Posted by: Jeff | February 22, 2012

Album Review: Graffiti6 – “Colours”

Graffiti6 – Colours [Buy Here]

Capitol Records
Release Date: January 2012
Grade: A-

Graffiti6 – ‘Free’

Graffiti6 may be just another in a long line of collaborations between young singer-songwriters (Jamie Scott) and veteran pop producers (Tommy Danvers) looking to cross over into mainstream pop, but they outpace their peers on this fantastic debut album that meshes Scott’s folk sensibilities seamlessly with Danvers’ pop grooves.  “Colours” is remarkable in that it establishes a cohesive identity for a young band across an entire LP, giving the band a fun, mature sound that many mature pop acts would envy.  Though the stylistic ranging from the propulsive percussive funk on opener “Stone In My Heart” and the nu-jazz cool of “Calm the Storm” and “Lay Me Down” is great, the album avoids the schizophrenic stylistic pitfalls that befall other creative collaborations like Gnarls Barkley.

The strengths of the album are numerous, and there are more than a few standout tracks.  “Stone In My Heart”, “Stare Into The Sun”, “Free” and “Never Look Back” are radio-ready singles, with polished pop grooves and sing-along choruses.  Yet unlike many contemporary pop bands, Graffiti6 evoke emotion in Scott’s soulful voice in a way not heard on pop radio outside of Adele.  It’s this wonderful juxtaposition between folk sentimentality and rhythm and blues that make the band’s sound unique and widely accessible.  Scott’s vocal bravado on tracks like “Stare Into The Sun” has garnered him comparison to Adam Levine, but his range and pathos are not so wooden and hollow as his Maroon 5 counterpart.

Lyrically, the album doesn’t offer a lot of depth or substance, though there is some creativity on tracks like “Goodbye Geoffrey Drake”, written from the perspective of a remorseful spurned lover on death row.  Overall, the lyrics rely a little too heavily on stilted metaphors about colors and rainbows that seem silly in contrast to Scott’s earnest delivery and the refreshing production that resists the vogue over-produced pop bombast so common on contemporary radio.  Instead, Danvers masterfully crafts funky rhythms and off-kilter percussion that accentuate rather than drown Scott’s soulful vocals.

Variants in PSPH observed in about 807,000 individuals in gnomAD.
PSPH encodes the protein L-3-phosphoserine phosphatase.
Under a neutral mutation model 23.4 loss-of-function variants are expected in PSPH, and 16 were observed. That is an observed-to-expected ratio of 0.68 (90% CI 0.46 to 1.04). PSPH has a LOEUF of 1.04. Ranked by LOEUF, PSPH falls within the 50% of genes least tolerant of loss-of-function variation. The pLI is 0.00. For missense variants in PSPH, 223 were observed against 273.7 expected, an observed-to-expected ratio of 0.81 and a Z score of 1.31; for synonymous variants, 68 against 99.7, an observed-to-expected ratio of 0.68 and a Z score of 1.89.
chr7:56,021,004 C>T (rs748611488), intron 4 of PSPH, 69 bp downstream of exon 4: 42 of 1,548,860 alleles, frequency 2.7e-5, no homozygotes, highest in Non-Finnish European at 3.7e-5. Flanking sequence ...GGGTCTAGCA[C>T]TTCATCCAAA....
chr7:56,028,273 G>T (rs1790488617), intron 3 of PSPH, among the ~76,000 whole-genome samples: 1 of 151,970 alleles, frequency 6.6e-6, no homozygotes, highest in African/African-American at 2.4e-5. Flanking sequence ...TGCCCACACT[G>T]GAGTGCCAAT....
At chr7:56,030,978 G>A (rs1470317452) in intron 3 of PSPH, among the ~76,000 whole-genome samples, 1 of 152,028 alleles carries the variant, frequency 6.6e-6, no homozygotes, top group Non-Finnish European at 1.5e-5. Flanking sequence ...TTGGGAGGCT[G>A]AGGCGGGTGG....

Slower tracks like “Colours” and “Goodbye Geoffrey Drake” shimmer, and the title track is Danvers’ richest soundscape offered here, awash with soothing guitar and a beautiful synth line reminiscent of the chillout pop made popular by fellow Brits Zero 7.  Album finale “Over You”, while the most divergent track on the album, features a vocal from Scott that might sound natural on a Justin Timberlake album, highlighting his natural proclivity for soul and emotion.  “Foxes”, a stellar track on the band’s 2011 EP, is an unfortunate omission, but perhaps a sign that the band has more creative output than can fit on just one album.

Though the band stretches itself stylistically over the course of the LP, only one track (“This Man”) has the misfortune of feeling out of sync with the rest of the band’s creative output.  Coupled with some unfortunate lyrical choices (enough with the metaphors!), there are some shortcomings to the record, but overall “Colours” stands as a very impressive debut from a band poised for a big year.

For Fans of: Gnarls Barkley, Bruno Mars, Zero 7, Soul, Pop-Rock

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